The anesthesia respirator according to the present invention is suitable for performing inhalation anesthesia in the so-called half-open or half-closed breathing system. While the respiration of the patient is performed without rebreathing in the half-open breathing system, rebreathing is performed in a breathing circuit in the half-closed system. In the case of respiration in the half-closed breathing system, it is advantageous to remove excess inhalation anesthetic by means of an activated carbon filter that can be inserted into the breathing circuit. The activated carbon filter can be used advantageously when, e.g., the concentration of the inhalation anesthetic within the breathing circuit must be greatly reduced within a short time, or it must also be removed completely during the phase of conclusion.
The breathing circuit preferably has a breathing gas line containing an anesthetic gas delivery means, an anesthetic-metering means and an anesthetic gas escape valve, which are connected to the second control unit, as well as a carbon dioxide absorber.
An activated carbon filter, a bypass valve and a bypass line bridging over the said activated carbon filter are preferably provided in the breathing circuit. The flow of breathing gas can be deflected from the bypass line into the activated gas filter by means of the bypass valve.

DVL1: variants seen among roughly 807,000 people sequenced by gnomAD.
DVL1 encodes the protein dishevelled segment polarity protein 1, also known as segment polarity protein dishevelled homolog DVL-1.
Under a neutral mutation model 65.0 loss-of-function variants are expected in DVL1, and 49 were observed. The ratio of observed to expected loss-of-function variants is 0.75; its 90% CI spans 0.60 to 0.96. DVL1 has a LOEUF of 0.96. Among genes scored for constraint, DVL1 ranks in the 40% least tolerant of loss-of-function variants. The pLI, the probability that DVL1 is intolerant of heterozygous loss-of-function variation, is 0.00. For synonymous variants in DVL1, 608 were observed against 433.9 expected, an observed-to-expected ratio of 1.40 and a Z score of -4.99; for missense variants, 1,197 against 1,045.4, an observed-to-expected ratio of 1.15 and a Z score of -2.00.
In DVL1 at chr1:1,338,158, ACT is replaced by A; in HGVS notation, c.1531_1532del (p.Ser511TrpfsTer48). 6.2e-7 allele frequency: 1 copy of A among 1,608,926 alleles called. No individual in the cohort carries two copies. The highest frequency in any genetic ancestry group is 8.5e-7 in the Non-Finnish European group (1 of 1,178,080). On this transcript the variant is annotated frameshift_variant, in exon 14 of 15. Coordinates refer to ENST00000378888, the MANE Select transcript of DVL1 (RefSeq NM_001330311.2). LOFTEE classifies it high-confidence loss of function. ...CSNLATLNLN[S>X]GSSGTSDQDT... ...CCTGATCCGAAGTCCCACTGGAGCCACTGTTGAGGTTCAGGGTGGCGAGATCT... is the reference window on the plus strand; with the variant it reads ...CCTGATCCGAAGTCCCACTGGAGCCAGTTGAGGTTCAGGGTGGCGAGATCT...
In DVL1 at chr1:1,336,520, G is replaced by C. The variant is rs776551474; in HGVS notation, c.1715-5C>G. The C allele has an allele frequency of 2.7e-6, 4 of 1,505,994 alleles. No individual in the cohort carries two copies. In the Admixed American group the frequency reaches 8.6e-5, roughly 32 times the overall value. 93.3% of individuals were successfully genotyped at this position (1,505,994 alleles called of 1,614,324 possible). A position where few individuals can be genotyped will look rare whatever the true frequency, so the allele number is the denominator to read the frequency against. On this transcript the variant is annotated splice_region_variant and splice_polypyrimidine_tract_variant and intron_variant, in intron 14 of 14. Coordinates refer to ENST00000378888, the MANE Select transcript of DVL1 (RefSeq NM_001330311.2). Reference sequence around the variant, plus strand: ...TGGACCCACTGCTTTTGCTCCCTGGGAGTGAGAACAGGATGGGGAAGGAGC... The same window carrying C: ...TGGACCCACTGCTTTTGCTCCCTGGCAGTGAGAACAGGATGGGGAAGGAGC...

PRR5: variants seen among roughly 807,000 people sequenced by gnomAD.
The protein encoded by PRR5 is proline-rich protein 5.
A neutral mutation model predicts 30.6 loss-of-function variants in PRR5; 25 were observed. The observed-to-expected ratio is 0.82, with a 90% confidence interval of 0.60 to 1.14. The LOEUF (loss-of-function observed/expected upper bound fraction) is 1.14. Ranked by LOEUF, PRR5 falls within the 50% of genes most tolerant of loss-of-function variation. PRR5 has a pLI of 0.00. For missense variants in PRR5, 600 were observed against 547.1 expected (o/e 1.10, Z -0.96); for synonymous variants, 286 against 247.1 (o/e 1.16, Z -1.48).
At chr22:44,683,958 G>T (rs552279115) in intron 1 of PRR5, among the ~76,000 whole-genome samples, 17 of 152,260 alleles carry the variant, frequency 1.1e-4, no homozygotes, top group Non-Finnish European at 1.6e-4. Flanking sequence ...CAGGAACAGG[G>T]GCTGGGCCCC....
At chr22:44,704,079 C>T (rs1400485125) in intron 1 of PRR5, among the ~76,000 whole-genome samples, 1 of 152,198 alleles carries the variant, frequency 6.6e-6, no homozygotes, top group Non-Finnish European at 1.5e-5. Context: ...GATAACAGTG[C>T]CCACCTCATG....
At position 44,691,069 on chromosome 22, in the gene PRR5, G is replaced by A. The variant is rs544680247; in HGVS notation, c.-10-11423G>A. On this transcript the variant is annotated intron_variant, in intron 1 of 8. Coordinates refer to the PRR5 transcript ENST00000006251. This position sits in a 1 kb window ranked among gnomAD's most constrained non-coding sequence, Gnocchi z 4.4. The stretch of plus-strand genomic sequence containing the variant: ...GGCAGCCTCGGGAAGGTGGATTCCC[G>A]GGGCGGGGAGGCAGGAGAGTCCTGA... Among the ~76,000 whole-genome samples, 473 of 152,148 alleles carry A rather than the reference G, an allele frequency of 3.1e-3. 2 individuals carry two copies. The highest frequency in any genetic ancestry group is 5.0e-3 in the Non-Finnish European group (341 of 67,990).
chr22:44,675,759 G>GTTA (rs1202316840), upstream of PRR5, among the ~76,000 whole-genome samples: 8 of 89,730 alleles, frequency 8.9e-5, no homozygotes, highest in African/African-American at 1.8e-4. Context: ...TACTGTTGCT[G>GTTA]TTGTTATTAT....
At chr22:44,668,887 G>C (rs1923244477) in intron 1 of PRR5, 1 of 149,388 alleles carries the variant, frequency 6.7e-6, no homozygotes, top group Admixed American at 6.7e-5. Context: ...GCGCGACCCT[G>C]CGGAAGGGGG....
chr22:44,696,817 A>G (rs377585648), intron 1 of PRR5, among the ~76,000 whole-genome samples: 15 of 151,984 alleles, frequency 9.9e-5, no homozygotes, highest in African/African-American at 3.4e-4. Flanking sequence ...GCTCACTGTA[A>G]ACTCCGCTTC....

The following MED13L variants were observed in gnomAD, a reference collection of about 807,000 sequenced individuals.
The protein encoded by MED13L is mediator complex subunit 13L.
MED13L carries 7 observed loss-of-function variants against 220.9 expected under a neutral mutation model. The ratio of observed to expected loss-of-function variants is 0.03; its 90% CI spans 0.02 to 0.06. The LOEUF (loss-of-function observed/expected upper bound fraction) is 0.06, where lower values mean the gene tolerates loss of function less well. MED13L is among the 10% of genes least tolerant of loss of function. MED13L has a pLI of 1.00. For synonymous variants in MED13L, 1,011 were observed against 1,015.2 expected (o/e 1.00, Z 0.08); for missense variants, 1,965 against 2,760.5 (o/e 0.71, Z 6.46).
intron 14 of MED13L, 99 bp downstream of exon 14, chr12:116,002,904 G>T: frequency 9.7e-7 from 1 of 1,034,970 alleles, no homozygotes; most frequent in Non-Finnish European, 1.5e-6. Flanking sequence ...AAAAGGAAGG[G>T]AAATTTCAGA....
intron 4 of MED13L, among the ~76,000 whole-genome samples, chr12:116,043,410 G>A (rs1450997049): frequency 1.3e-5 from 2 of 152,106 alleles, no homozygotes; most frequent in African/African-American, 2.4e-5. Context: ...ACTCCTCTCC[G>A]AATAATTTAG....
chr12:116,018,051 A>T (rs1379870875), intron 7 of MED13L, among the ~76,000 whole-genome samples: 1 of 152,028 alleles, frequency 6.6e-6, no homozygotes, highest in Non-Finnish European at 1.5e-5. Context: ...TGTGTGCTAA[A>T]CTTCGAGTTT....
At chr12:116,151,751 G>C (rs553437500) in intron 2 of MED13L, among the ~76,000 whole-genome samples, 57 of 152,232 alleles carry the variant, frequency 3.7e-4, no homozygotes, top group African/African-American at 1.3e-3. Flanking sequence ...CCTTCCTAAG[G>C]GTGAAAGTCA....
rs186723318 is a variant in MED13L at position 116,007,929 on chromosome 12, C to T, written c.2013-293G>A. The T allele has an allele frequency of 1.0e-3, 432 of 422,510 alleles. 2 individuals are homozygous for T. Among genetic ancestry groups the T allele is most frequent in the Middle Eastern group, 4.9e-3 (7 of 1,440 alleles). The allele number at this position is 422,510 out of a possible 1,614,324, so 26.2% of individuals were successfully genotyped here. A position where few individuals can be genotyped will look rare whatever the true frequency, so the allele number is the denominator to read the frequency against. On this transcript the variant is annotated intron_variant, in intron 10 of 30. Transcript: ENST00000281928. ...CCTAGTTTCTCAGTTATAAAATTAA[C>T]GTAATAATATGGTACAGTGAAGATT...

The anesthesia respirator preferably includes means for determining the anesthetic concentration, the carbon dioxide concentration, and the airway pressure. The concentration determining means is connected to the measuring means in one assembly unit.
It is especially advantageous to fill the chlorate candles with different amounts of chemical, so that the oxygen production can be adapted to the instantaneous oxygen demand.
The various features of novelty which characterize the invention are pointed out with particularity in the claims annexed to and forming a part of this disclosure. For a better understanding of the invention, its operating advantages and specific objects attained by its uses, reference is made to the accompanying drawings and descriptive matter in which a preferred embodiment of the invention is illustrated.
In the drawings:
FIG. 1 is a system diagram of an anesthesia respirator according to the invention.
Referring to the FIG. 1 in particular, an anesthesia respirator 1 is shown with an inhalation line 2, an inhalation valve 3, an exhalation line 4 and an exhalation valve 5, which are assembled to form a breathing circuit 6. The inhalation line 2 and the exhalation line 4 are connected to a patient via a line 7. A measuring means 9 for determining the oxygen concentration, the anesthetic concentration, the airway pressure, and the carbon dioxide concentration in the breathing gas is arranged within the line 7.